We all have multiple stressors in our life, whether it be due to work, home, exercising or not eating a nutritionally adequate diet.
As Americans we have become accustomed to stress, but learning how to manage stress seems to be more difficult and often we turn to food for comfort. Any type of stress can cause our body’s hormones to fluctuate, which can lead to becoming overweight.
Our stress hormone, called cortisol, is elevated during stressful times. After a stressful event, it should fall back to normal levels.
However, if we continue to place more stress on our body, cortisol remains elevated. When cortisol is elevated, it increases appetite and cravings for high-fat, high-sugar and high-salt foods because these types of food create “comfort” and may help counteract the elevated stress hormone.
Eating more of these “comfort foods” will also lead to weight gain. When we are under stress, we tend to eat more comfort foods, drink more alcohol, not get enough exercise and lose sleep, all of which lead to excess weight gain and other negative health consequences.
When we overeat due to stress, our emotions may be subdued for the time being, but they will return and often we feel guilty about overeating, which can create more stress. It becomes a vicious cycle that needs to be remedied by combating stress and emotional over eating.
There are plenty of ways to do this, such as the following:
• Find support. The first thing is to tell supportive people around you what your goals are. If your goal is to lose weight, tell someone! They can help you stay on track by stopping you when you reach for that doughnut or piece of candy from your coworker’s cubicle.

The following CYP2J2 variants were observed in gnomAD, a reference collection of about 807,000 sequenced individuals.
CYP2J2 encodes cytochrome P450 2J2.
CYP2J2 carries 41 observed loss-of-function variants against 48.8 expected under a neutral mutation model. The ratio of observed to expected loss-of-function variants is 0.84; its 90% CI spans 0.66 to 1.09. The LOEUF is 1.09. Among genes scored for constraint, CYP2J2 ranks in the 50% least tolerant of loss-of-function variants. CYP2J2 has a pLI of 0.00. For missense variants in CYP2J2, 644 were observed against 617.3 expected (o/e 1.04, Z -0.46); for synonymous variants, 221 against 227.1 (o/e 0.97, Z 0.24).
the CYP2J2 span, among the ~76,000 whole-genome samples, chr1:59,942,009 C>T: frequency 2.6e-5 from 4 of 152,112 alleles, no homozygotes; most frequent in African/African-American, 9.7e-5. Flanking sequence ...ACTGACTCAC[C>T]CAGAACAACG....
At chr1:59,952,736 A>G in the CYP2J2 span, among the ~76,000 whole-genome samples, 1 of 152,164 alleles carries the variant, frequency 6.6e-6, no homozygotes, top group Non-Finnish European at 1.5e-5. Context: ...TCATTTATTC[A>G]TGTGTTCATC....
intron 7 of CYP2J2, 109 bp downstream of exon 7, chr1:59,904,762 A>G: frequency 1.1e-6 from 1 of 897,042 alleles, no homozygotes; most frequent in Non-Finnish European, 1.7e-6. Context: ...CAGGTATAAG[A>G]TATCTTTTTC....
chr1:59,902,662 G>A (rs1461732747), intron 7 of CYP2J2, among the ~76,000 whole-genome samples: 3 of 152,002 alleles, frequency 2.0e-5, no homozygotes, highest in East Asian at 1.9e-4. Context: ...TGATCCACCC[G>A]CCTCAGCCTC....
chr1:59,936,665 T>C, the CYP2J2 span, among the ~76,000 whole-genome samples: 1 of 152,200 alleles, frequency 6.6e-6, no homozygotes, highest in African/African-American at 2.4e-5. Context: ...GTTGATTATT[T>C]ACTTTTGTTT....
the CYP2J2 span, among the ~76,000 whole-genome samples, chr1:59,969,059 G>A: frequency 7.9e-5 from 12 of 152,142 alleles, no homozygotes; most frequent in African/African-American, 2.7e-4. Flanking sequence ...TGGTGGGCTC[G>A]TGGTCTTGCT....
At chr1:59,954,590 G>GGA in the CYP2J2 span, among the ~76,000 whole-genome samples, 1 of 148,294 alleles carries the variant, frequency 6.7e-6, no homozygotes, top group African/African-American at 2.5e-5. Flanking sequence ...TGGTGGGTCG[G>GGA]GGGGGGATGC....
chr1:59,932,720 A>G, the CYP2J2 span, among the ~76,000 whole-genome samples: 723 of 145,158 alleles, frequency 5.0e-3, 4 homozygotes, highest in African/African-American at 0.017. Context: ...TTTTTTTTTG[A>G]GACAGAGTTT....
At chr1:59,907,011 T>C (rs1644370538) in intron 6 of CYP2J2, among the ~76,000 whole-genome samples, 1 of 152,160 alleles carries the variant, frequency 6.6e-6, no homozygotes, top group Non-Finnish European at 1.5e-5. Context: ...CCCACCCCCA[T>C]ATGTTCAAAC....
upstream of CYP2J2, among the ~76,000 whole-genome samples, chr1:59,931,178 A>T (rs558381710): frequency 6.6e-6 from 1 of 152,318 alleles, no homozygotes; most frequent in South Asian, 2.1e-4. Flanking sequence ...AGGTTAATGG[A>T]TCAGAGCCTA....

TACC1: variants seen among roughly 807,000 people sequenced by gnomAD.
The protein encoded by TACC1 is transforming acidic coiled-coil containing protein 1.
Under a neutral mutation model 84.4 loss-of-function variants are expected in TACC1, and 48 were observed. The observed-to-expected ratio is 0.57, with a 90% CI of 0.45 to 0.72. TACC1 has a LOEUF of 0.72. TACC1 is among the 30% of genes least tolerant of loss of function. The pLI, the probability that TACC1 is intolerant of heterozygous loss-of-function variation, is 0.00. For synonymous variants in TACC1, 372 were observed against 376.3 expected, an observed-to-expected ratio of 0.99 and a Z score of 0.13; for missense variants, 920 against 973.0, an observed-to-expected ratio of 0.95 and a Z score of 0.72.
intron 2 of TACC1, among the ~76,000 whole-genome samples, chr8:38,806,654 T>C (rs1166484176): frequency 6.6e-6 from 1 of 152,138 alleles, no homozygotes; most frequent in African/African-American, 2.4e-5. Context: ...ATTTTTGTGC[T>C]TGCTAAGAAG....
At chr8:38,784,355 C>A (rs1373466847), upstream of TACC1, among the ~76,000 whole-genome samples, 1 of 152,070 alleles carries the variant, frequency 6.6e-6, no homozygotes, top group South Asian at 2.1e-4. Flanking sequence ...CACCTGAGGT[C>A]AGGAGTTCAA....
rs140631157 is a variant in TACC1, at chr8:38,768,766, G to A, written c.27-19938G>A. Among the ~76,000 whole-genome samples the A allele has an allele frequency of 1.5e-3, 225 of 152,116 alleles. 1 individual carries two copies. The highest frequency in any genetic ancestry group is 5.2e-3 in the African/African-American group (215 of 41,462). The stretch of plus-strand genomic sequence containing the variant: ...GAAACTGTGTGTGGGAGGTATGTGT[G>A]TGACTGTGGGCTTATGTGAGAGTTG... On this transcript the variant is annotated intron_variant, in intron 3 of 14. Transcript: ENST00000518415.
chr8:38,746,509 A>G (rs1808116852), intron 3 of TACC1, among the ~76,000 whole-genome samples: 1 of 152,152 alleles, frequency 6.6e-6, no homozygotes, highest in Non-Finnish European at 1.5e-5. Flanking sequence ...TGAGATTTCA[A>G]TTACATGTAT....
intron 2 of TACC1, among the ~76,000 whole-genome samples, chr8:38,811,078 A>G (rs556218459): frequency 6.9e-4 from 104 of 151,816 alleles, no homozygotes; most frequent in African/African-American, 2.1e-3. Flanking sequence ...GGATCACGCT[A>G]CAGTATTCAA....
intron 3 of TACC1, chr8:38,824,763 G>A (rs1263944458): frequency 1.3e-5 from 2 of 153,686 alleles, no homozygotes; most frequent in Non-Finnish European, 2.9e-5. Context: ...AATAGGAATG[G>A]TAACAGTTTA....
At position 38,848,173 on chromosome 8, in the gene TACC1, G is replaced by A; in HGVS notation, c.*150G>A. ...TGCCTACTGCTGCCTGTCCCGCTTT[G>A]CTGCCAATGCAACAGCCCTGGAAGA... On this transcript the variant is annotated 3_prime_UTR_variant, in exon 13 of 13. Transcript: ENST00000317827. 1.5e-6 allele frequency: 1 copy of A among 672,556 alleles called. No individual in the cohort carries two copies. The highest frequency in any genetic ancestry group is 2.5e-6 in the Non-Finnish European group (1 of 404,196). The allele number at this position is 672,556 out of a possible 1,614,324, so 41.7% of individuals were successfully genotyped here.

• Tame your stress. Try stress management techniques such as yoga, Tai Chi, meditation or abdominal breathing. If you feel stressed out at work or home, go for a five-minute walk and take time to breathe, and then come back and continue your day.
• Take away temptation. Don’t keep high-sugar or salty foods at home or at your desk. Instead, replace them with healthy snacks. Try a low-sugar, high-fiber granola bar or fruit instead. Encourage your family and co-workers to do the same. After all, healthier snacks lead to higher workplace efficiency, more concentration and lower stress on your body.
• Check your hunger. Are you really hungry? Emotional hunger comes from the neck up. Before you take a bite, make sure that you feel hungry from your stomach, not from your brain. Emotional hunger comes on suddenly and is usually for only one particular food. When you are truly hungry, you are more open to different kinds of foods.
• Exercise regularly. Exercising will reconnect you with your body. Focus on how it makes you feel physically and mentally. This will decrease depression and stress, which in turn will reduce emotional eating. It has been shown that regular exercisers experience fewer cravings than those who do not exercise regularly.
• Try stress-relieving foods. Do you know that some foods can help with decreasing stress? Herbal teas, blueberries, yogurt, salmon, turkey, nuts and seeds, and even chocolate all have health-promoting properties that can combat what we feel when we are stressed out. Remember, it takes a lot of time and practice to control stress eating. Give yourself a pat on the back next time you reach for a healthy food or say no to your junk food temptations.
Having self-control will make you feel good and eventually become a healthy habit for life!